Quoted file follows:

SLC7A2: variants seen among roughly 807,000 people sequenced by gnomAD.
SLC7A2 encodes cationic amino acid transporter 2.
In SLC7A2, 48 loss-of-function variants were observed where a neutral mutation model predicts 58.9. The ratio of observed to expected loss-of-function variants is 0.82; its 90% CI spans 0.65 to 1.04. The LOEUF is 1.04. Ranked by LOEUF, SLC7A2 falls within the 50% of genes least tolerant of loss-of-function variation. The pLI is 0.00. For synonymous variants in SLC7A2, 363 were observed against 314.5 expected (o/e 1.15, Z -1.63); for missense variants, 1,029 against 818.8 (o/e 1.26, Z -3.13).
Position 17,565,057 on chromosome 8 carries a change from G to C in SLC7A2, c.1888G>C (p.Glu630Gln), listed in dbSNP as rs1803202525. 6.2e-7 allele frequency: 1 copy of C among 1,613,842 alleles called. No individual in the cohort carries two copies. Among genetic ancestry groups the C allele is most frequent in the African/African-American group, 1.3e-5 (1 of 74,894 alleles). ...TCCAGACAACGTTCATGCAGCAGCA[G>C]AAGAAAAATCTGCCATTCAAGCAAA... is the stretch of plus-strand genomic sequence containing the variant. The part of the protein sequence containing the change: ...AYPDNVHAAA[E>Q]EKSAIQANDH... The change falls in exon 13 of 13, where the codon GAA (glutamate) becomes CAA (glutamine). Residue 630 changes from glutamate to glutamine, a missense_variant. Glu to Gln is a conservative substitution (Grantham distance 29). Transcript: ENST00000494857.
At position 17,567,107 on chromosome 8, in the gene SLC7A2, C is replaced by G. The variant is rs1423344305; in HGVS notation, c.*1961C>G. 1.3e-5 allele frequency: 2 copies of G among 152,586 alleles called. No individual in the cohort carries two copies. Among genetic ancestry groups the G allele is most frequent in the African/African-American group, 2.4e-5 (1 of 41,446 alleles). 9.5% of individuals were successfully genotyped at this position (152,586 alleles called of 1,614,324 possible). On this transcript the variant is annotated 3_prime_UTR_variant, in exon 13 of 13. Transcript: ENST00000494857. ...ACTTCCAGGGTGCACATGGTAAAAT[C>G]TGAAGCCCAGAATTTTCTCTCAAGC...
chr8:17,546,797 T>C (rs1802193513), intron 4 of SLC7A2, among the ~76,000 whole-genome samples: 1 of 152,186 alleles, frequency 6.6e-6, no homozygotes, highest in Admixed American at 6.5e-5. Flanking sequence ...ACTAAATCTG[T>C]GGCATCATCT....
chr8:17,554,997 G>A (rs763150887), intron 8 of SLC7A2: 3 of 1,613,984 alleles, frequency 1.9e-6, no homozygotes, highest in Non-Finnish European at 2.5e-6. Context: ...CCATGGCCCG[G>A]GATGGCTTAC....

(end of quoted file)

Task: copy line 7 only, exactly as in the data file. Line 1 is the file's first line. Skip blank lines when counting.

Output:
chr8:17,554,997 G>A (rs763150887), intron 8 of SLC7A2: 3 of 1,613,984 alleles, frequency 1.9e-6, no homozygotes, highest in Non-Finnish European at 2.5e-6. Context: ...CCATGGCCCG[G>A]GATGGCTTAC....